AZA and its Bear TAG, Polar Bear SSP Program, accredited institutions, and Green Scientific Advisory Group (SAG) work cooperatively to address issues related to polar bear survival and climate disruption.AZA, in collaboration with the Ocean Project, the Monterey Bay Aquarium, and the National Aquarium in Baltimore, has conducted a comprehensive public research survey to quantify public awareness, attitudes, and actions concerning the ocean, environment, and climate disruption. This information is being used to develop mechanisms that will effectively increase public awareness of the issues surrounding climate disruption and the species that are affected by it, and engage citizen conservation action. AZA collaborates with Polar Bears International (PBI) to address polar bear and arctic habitat conservation through support for scientific research and educational outreach programs. PBI offers Leadership Camps to help people become inspired by polar bears and gain the knowledge and skills needed to reduce CO2 in their home communities. Read the executive summary of AZA’s partnership with PBI. Numerous AZA-accredited zoos and aquariums have become Arctic Ambassador Centers (AACs) that are certified by Polar Bears International (PBI). These institutions are committed to increasing their level of institutional and community action towards reducing greenhouse gas emissions to save not only polar bear habitat, but also the habitats of species being negatively affected by climate disruption in all global regions. Read more about Arctic Ambassador Centers and explore the list of AZA facilities that currently hold this designation.
The recovery of the California sea lion (Zalophus californianus) population following implementation of the Marine Mammal Protection Act of 1972 has been dramatic. An increase in the population to historically high numbers appears to have created some competition and conflict with other endangered species of salmon. Each year, an increasing number of California sea lions prey upon these salmon species as they return to the Bonneville Dam on the Columbia River. The sea lions have gained more than double the average weight for the species and no amount of hazing has effectively dissuaded the sea lions from gorging themselves on the salmon. As a result, the National Oceanic and Atmospheric Administration (NOAA) Fisheries Service has authorized the trapping and placement, or lethal removal, of sea lions which have been identified as repeat offenders over the next three years.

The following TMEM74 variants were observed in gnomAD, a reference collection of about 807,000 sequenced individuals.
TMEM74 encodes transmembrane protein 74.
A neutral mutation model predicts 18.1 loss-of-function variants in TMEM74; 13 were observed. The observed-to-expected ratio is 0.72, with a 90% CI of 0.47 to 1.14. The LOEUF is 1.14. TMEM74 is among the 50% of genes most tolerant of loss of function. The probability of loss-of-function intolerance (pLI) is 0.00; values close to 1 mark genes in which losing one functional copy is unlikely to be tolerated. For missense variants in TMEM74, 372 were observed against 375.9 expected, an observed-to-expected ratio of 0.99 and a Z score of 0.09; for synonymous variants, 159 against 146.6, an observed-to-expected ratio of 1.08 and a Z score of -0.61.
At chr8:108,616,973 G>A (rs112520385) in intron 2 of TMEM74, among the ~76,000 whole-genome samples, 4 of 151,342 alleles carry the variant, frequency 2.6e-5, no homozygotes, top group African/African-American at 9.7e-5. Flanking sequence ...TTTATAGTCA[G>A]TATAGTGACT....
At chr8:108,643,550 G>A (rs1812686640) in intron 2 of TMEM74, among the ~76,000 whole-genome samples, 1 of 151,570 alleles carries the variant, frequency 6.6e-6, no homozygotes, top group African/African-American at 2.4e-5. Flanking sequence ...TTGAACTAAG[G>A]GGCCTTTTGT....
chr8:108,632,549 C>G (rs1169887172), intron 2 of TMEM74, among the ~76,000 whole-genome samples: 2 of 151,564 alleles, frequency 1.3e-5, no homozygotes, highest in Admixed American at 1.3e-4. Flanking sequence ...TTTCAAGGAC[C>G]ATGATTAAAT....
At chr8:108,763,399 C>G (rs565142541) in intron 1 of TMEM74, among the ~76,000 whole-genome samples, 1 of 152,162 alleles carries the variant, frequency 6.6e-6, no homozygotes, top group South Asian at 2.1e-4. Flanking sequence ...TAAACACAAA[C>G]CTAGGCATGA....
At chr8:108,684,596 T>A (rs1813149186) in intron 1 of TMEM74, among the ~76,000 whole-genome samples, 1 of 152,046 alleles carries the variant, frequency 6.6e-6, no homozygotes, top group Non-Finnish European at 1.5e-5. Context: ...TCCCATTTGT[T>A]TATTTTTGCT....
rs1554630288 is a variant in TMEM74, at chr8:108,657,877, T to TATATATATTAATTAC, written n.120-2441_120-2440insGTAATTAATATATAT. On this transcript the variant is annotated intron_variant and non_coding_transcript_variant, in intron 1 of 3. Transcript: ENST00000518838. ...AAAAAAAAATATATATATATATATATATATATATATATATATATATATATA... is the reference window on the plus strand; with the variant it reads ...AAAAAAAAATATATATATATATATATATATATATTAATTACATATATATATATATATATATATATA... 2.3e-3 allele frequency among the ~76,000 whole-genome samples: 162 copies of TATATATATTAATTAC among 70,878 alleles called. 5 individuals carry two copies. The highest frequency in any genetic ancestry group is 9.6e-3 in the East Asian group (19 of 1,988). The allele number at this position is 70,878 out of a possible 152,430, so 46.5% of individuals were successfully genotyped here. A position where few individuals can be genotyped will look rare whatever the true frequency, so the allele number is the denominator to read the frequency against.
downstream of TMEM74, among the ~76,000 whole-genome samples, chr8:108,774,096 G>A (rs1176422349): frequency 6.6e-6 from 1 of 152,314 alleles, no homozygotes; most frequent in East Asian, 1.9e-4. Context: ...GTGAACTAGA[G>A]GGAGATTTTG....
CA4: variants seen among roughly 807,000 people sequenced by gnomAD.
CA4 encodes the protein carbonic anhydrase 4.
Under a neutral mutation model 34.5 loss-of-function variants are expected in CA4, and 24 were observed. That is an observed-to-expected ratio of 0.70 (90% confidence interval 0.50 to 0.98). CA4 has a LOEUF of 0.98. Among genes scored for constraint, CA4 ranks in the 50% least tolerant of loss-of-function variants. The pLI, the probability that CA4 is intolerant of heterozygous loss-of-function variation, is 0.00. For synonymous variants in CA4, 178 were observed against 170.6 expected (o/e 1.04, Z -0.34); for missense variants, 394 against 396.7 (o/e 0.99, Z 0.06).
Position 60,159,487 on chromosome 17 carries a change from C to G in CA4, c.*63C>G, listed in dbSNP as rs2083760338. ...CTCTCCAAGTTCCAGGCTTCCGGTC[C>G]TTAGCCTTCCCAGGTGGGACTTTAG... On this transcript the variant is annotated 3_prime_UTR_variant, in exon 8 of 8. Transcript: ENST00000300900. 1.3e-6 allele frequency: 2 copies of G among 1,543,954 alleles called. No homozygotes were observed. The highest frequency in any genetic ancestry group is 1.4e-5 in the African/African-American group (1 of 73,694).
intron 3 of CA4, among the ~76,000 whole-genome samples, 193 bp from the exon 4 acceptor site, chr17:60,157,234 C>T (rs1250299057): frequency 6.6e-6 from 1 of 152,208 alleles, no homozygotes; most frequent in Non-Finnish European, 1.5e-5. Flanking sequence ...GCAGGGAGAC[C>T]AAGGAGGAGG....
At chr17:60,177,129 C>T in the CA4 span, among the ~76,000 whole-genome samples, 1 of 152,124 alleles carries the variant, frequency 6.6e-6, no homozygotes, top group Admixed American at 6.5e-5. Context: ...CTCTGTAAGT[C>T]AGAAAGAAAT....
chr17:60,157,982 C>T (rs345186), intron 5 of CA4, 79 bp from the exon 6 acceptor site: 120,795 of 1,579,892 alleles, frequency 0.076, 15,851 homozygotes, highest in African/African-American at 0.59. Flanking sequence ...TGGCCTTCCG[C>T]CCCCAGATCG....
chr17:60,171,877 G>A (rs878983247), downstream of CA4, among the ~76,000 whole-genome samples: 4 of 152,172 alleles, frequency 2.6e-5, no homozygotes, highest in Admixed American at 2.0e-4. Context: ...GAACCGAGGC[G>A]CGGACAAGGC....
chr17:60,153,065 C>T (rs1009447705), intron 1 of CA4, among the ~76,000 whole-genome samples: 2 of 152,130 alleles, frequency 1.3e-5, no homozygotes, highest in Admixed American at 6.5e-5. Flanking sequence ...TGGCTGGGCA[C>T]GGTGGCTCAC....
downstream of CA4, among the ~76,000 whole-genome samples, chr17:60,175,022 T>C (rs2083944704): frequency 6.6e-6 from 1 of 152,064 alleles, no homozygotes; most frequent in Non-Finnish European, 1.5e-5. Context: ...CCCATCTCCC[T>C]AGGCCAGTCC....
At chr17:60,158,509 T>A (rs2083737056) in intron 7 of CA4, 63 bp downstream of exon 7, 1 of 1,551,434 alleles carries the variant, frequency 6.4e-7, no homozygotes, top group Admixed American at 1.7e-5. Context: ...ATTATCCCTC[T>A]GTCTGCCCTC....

The United States Fish and Wildlife Service (USFWS) is the Federal agency charged with protecting the Nation's threatened and endangered species including the Florida Manatee which is protected by both the Marine Mammal Protection Act (1972) and the Endangered Species Act (1973). The endangered Florida manatee is at risk from both natural (e.g. red tide, cold stress, disease) and man-made causes (boat strikes, compression by flood gates or locks, entanglement or ingestion of fishing gear). Several AZA-accredited institutions are extensively involved in Manatee rescue, rehabilitation, and release programs including the Cincinnati Zoo, Columbus Zoo, EPCOT's Living Seas, Lowry Park Zoo, Mote Marine Laboratory & Aquarium, SeaWorld Orlando, and SeaWorld San Diego. In addition EPCOT's Living Seas and Mote Marine Laboratory & Aquarium are very involved in manatee behavioral research.
According to the National Oceanic and Atmospheric Administration (NOAA), "Over the last decade, approximately 40,000 stranded marine mammals (cetaceans and pinnipeds only) have been reported by the regional stranding network with an average of 3,600 strandings per year." Marine animal strandings may be caused by natural or human-related factors. Natural factors may be related to disease, biotoxins, neurotoxins such as red tide, predation, age, and/or temperature. Human-related factors may be related to entanglement, boat strikes, lock compression, harassment, foreign object ingestion, contaminants, and acoustic trauma.
The Southern Sea Otter Recovery and Research Act (H.R. 556), passed in the House of Representatives. The bill required a two-thirds majority to pass, and it received about 75% Yeas to 25% Nays (316 to 107). On July 29, 2009, the bill was received in the Senate, read twice, and referred to the Committee on Commerce, Science, and Transportation. The various groups working on the passage of this bill now seek Senate support.
The AZA Conservation Grants Fund (CGF) supports the cooperative marine mammal-related conservation, scientific, and educational initiatives of AZA, its members, and its collaborators.